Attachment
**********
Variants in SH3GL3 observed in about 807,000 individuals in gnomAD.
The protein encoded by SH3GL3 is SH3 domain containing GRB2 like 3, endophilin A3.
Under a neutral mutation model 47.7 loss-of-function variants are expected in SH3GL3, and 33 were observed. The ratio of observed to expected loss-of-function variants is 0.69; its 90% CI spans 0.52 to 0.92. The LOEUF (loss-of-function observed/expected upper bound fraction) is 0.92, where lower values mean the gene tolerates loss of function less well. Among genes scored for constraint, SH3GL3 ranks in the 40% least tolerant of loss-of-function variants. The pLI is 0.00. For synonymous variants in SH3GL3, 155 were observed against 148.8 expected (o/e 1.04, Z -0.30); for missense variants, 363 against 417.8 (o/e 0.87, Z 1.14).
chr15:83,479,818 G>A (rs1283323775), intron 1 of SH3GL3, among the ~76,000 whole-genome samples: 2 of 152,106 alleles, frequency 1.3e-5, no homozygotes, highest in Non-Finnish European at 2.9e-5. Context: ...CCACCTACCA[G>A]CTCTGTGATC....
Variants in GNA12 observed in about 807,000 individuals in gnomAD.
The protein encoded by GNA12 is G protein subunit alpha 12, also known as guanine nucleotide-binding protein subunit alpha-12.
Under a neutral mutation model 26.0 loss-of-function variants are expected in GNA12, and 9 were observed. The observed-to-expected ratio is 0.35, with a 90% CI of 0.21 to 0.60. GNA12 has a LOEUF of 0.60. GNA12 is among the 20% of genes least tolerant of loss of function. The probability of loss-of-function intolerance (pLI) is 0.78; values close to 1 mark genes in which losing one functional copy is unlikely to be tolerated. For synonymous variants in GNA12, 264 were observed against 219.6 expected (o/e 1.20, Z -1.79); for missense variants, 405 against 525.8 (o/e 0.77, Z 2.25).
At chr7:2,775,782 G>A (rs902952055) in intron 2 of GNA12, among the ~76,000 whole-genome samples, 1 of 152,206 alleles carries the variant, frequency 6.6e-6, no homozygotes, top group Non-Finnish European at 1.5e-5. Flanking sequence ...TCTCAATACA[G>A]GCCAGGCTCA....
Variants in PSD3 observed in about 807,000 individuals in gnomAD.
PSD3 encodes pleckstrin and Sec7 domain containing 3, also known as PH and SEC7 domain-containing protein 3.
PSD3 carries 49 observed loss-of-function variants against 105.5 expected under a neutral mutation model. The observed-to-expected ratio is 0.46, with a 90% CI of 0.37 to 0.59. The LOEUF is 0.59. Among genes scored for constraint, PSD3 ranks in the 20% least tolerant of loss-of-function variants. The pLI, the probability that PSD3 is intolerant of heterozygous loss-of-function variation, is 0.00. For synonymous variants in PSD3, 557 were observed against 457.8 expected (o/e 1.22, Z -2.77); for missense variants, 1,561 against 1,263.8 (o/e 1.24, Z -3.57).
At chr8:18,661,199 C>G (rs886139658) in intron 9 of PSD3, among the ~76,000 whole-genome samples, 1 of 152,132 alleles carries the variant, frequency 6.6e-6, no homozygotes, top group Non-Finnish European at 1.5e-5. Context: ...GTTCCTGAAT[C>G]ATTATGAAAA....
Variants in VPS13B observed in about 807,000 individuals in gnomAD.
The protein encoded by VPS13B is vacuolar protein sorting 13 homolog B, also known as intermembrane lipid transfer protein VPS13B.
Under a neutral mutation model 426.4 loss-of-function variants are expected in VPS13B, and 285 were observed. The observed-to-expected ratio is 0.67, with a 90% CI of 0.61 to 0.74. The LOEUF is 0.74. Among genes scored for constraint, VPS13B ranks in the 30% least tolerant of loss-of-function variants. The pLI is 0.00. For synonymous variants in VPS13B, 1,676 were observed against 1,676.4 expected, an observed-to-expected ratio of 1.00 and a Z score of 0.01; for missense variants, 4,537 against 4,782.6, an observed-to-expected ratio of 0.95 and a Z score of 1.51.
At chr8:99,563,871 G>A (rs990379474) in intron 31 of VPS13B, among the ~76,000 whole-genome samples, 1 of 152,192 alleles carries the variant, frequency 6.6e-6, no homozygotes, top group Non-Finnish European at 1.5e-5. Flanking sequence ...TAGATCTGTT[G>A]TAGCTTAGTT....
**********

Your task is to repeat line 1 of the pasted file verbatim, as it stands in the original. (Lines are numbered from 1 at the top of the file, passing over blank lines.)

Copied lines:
Variants in SH3GL3 observed in about 807,000 individuals in gnomAD.